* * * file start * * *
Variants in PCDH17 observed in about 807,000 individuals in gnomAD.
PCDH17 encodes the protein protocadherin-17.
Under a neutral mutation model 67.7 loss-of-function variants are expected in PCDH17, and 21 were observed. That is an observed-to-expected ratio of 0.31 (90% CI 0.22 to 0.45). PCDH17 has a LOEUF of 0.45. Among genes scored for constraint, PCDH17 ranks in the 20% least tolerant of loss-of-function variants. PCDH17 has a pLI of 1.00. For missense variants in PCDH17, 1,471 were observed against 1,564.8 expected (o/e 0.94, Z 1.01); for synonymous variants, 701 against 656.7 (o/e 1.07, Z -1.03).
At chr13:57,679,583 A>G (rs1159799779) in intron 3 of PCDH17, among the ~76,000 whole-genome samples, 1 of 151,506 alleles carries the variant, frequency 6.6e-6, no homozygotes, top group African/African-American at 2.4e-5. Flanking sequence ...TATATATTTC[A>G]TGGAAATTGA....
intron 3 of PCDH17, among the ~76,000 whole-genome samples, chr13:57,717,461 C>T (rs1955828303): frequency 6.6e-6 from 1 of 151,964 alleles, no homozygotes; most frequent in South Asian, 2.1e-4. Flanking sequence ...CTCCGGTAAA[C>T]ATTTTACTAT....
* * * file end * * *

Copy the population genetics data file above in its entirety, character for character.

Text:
Variants in PCDH17 observed in about 807,000 individuals in gnomAD.
PCDH17 encodes the protein protocadherin-17.
Under a neutral mutation model 67.7 loss-of-function variants are expected in PCDH17, and 21 were observed. That is an observed-to-expected ratio of 0.31 (90% CI 0.22 to 0.45). PCDH17 has a LOEUF of 0.45. Among genes scored for constraint, PCDH17 ranks in the 20% least tolerant of loss-of-function variants. PCDH17 has a pLI of 1.00. For missense variants in PCDH17, 1,471 were observed against 1,564.8 expected (o/e 0.94, Z 1.01); for synonymous variants, 701 against 656.7 (o/e 1.07, Z -1.03).
At chr13:57,679,583 A>G (rs1159799779) in intron 3 of PCDH17, among the ~76,000 whole-genome samples, 1 of 151,506 alleles carries the variant, frequency 6.6e-6, no homozygotes, top group African/African-American at 2.4e-5. Flanking sequence ...TATATATTTC[A>G]TGGAAATTGA....
intron 3 of PCDH17, among the ~76,000 whole-genome samples, chr13:57,717,461 C>T (rs1955828303): frequency 6.6e-6 from 1 of 151,964 alleles, no homozygotes; most frequent in South Asian, 2.1e-4. Flanking sequence ...CTCCGGTAAA[C>T]ATTTTACTAT....